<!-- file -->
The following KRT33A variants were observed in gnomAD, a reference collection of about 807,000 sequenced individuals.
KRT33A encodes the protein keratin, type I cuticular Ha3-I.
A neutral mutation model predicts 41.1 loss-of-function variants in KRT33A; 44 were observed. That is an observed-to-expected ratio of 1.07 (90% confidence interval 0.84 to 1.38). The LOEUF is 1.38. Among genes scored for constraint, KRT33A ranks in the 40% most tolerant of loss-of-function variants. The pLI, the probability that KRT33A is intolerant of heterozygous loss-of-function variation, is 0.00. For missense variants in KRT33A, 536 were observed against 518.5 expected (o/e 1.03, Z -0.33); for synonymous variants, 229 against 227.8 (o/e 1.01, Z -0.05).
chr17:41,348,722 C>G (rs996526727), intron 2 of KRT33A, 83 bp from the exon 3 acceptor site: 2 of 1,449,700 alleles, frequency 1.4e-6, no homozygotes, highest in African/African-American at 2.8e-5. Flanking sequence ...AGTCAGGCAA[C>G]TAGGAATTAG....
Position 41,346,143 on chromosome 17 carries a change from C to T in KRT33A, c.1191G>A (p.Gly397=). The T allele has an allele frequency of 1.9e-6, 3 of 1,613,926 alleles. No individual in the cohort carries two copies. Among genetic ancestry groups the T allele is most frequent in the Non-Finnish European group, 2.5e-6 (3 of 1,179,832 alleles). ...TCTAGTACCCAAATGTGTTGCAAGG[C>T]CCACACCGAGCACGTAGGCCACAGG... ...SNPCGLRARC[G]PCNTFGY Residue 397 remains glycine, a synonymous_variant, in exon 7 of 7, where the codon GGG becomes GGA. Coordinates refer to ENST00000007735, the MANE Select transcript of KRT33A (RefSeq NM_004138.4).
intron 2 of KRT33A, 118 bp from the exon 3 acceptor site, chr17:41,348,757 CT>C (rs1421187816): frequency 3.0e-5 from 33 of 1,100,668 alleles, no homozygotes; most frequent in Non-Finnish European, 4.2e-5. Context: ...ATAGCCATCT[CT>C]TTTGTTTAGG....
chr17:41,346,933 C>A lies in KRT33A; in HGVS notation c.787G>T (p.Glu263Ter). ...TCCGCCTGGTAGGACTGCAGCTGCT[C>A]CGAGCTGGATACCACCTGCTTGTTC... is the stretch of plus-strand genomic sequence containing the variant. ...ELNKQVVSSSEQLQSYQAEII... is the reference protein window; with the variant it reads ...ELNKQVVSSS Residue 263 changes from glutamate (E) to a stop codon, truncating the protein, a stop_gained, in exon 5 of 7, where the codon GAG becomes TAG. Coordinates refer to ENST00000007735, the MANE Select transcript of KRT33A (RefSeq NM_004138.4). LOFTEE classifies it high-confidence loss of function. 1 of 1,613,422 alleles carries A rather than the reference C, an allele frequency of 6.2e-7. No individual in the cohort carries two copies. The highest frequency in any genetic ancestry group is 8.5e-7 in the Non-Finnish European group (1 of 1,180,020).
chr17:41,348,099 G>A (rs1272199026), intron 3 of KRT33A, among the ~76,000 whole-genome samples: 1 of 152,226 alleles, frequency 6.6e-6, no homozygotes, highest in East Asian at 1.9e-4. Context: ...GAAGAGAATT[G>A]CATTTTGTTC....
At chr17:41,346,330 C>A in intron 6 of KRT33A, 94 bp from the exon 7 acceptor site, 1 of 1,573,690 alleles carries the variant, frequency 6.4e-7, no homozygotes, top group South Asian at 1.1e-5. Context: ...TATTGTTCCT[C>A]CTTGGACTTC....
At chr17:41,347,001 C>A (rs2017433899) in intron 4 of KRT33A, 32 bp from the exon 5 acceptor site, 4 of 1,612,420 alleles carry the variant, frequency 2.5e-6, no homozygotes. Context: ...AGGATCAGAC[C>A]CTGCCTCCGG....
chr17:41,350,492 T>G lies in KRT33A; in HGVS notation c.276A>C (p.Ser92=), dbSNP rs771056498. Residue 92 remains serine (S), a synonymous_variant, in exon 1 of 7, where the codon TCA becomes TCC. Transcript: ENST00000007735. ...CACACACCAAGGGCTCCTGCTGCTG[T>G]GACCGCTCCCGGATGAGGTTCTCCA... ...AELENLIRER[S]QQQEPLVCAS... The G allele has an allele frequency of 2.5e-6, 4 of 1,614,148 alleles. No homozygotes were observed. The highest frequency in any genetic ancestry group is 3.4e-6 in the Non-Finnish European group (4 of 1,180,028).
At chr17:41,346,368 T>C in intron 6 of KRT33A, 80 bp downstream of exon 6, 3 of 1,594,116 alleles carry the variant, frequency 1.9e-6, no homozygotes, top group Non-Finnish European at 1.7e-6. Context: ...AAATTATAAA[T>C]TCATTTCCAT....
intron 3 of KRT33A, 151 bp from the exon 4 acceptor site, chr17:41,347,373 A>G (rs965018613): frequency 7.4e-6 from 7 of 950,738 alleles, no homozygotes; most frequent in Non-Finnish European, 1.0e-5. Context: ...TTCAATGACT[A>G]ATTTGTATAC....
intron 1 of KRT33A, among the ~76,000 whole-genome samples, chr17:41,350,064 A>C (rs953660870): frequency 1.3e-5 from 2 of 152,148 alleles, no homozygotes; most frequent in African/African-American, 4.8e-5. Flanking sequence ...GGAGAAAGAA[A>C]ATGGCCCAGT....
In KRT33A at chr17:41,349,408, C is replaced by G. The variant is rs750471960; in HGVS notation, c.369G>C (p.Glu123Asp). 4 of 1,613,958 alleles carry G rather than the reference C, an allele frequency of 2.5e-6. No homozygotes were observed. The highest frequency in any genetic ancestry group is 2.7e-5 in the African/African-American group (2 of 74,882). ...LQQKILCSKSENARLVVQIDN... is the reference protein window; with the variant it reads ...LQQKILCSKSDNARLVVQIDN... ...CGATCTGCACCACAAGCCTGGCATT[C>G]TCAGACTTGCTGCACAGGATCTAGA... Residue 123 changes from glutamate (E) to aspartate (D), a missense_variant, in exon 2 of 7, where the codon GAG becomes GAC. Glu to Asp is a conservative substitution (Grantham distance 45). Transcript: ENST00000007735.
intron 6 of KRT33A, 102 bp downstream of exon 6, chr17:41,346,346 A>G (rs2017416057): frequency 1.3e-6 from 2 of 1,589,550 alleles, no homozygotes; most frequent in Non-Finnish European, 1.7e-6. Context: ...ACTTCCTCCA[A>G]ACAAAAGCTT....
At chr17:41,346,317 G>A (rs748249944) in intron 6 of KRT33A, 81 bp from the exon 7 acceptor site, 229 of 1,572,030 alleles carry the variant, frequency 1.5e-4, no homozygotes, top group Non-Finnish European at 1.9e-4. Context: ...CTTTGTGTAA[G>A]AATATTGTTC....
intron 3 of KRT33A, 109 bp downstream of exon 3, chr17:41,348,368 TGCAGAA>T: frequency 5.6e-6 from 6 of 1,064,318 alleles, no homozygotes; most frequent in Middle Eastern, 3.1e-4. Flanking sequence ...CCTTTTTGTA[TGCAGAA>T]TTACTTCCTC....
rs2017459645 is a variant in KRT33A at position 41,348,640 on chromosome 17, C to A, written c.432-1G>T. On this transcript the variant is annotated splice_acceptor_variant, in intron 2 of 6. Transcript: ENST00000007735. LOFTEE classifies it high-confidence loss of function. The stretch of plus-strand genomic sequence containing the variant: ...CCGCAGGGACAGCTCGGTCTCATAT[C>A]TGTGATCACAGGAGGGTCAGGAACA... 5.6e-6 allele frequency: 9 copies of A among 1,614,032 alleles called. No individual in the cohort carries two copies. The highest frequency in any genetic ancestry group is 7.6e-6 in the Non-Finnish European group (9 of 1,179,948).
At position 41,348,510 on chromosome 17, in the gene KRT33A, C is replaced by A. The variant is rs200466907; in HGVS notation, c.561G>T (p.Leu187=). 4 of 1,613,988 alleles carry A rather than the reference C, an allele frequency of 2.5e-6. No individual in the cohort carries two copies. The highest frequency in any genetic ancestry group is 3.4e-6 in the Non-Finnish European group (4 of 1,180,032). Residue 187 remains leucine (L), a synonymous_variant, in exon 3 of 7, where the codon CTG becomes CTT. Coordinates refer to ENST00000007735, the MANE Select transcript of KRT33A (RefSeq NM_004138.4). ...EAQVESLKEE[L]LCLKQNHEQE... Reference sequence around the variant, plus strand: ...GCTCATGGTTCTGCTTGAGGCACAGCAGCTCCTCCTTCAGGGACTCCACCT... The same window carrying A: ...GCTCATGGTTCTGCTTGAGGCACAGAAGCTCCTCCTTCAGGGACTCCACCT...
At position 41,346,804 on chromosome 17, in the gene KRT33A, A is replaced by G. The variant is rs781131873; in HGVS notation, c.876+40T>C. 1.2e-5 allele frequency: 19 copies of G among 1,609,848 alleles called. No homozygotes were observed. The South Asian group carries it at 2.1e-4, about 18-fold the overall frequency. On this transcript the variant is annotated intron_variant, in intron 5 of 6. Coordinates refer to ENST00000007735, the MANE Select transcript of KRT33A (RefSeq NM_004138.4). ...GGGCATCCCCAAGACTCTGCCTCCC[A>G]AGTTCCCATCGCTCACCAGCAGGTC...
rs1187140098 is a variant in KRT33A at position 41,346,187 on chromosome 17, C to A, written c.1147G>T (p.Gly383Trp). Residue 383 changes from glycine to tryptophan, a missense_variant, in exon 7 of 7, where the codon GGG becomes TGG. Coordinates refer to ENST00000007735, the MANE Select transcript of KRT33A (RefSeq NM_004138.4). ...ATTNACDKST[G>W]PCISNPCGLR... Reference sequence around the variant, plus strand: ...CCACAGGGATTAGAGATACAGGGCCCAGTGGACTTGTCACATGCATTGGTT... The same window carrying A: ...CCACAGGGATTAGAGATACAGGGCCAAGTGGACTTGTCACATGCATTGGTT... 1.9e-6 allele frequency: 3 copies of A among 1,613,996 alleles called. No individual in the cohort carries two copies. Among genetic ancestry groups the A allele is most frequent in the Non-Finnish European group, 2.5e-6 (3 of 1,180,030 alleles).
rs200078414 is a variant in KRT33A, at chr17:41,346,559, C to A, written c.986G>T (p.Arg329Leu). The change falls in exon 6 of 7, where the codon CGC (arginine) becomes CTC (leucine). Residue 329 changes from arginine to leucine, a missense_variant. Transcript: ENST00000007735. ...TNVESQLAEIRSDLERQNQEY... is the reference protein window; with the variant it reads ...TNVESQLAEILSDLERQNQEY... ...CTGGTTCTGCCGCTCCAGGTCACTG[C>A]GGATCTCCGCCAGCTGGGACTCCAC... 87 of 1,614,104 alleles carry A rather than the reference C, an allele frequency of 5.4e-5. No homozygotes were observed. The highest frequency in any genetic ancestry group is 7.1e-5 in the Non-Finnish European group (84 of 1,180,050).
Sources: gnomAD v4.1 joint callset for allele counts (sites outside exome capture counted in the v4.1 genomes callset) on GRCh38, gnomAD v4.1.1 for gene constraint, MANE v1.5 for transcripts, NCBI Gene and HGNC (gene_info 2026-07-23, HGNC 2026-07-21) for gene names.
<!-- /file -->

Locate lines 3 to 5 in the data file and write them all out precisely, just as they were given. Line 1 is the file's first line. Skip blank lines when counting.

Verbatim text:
A neutral mutation model predicts 41.1 loss-of-function variants in KRT33A; 44 were observed. That is an observed-to-expected ratio of 1.07 (90% confidence interval 0.84 to 1.38). The LOEUF is 1.38. Among genes scored for constraint, KRT33A ranks in the 40% most tolerant of loss-of-function variants. The pLI, the probability that KRT33A is intolerant of heterozygous loss-of-function variation, is 0.00. For missense variants in KRT33A, 536 were observed against 518.5 expected (o/e 1.03, Z -0.33); for synonymous variants, 229 against 227.8 (o/e 1.01, Z -0.05).
chr17:41,348,722 C>G (rs996526727), intron 2 of KRT33A, 83 bp from the exon 3 acceptor site: 2 of 1,449,700 alleles, frequency 1.4e-6, no homozygotes, highest in African/African-American at 2.8e-5. Flanking sequence ...AGTCAGGCAA[C>G]TAGGAATTAG....
Position 41,346,143 on chromosome 17 carries a change from C to T in KRT33A, c.1191G>A (p.Gly397=). The T allele has an allele frequency of 1.9e-6, 3 of 1,613,926 alleles. No individual in the cohort carries two copies. Among genetic ancestry groups the T allele is most frequent in the Non-Finnish European group, 2.5e-6 (3 of 1,179,832 alleles). ...TCTAGTACCCAAATGTGTTGCAAGG[C>T]CCACACCGAGCACGTAGGCCACAGG... ...SNPCGLRARC[G]PCNTFGY Residue 397 remains glycine, a synonymous_variant, in exon 7 of 7, where the codon GGG becomes GGA. Coordinates refer to ENST00000007735, the MANE Select transcript of KRT33A (RefSeq NM_004138.4).